It's really not that difficult.
Of course, there are exceptions to the "selfie" rule, but there is NEVER an exception to the selfie stick rule. =)
I'm not sure where we hit that wall as a society that we were no longer willing to "trouble" somebody to take our picture, I've even offered to take a picture of people using Selfie Sticks while at parks and 9 times out of 10 they've said no. What is it about selfies? Why would a selfie taken 2-3 feet away from your face be any better than a standard picture taken 7-10 feet away where you could actually see where you are and what you're doing?
I think that's the point. It's no longer about "where" you are, it's about "you" being there.
If I look back on our old family pictures from theme parks, before Digital or cell phone cameras, all of our pictures you can see Disneyland or wherever else we were. We weren't the focal point, the park was, we just happened to be there enjoying it.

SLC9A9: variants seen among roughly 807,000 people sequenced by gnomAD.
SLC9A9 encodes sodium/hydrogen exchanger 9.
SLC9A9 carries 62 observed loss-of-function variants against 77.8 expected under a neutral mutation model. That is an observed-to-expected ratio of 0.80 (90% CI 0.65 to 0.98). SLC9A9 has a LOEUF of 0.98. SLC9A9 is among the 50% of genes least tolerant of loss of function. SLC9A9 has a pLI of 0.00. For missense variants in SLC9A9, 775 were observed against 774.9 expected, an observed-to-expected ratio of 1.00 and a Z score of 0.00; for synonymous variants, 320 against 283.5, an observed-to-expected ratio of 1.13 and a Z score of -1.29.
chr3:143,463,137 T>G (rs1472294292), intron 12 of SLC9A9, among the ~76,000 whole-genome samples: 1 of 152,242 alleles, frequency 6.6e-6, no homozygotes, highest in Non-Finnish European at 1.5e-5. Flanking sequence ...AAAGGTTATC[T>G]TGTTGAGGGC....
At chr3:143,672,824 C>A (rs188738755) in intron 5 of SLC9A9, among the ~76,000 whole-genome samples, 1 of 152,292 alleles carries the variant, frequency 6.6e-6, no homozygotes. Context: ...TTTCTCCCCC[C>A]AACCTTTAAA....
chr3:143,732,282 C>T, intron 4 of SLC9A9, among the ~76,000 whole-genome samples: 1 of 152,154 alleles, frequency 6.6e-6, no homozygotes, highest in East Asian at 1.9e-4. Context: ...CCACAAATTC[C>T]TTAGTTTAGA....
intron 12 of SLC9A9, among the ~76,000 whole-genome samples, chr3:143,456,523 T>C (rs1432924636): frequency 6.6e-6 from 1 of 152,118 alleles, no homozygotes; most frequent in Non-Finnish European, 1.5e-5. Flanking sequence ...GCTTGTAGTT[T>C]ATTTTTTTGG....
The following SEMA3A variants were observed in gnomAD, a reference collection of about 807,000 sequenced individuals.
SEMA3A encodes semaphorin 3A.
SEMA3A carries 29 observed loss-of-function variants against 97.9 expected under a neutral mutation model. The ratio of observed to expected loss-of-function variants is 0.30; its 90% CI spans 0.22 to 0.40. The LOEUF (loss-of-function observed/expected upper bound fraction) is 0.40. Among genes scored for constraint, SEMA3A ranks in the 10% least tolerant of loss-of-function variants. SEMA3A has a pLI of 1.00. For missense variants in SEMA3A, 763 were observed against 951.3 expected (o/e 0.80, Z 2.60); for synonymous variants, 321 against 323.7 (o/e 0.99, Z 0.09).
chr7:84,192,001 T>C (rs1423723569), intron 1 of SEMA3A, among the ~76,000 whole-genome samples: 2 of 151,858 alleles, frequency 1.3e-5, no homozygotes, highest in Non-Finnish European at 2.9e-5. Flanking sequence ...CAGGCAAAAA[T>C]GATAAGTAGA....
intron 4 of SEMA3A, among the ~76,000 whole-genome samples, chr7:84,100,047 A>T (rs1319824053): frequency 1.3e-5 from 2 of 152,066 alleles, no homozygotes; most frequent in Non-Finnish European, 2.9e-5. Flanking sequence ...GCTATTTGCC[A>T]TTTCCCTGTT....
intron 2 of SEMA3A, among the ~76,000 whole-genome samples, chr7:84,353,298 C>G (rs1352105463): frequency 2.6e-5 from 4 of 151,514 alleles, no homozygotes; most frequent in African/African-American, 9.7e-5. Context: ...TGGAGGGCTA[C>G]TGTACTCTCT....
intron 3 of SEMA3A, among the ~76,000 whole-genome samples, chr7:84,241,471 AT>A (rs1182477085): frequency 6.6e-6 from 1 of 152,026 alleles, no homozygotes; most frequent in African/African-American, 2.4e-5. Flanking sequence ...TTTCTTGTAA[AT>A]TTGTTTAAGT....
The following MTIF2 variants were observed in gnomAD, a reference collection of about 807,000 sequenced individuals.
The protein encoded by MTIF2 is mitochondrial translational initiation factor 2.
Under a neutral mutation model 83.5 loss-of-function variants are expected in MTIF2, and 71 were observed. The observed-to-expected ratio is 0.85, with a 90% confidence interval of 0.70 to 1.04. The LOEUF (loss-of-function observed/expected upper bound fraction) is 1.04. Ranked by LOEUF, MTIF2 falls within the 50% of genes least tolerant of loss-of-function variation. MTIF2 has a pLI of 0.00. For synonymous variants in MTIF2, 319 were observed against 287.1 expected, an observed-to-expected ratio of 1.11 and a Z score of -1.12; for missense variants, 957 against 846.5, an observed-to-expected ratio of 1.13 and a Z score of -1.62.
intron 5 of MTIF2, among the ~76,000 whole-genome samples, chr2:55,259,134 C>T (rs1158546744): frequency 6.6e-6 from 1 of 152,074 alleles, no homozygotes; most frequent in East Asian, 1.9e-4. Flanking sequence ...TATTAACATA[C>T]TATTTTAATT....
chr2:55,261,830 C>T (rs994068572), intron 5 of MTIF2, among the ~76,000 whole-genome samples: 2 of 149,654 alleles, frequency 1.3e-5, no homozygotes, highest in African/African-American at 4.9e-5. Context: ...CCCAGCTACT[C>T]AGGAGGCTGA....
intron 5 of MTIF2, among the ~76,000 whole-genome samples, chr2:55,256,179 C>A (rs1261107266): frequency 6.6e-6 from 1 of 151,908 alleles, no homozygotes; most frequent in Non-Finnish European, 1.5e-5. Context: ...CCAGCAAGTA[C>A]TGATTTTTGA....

So now the backlash has begun, and it's coming very fast.
I don't think this can be traced back to a single incident, but the signs have been there for months. Reports of people holding out their sticks on Big Thunder or Matterhorn (which were among the first rides to get such a sign installed). Shutting down of CA Screamin' due to somebody using a selfie stick. Companies like GoPro publicizing the use of a Selfie Stick on a coaster with a 153ft drop and 90 degree elements.
There are of course other devices that are used without "telescoping", and there seems to be no issues with these as parks seem to not be banning them (which is good because our GoPro stick doesn't extend and we'd like to keep using it =) )
The problem with using these things on rides are these things called "ride clearance envelopes". We've all seen them when testing a ride before it opens. Sometimes they are made out of pipe, they move along the track to insure that a rider with hands up or out isn't going to have an issue if they should put their hands up or out.
All those rumors about not being able to put your hands up on Space Mountain? Just that, rumors.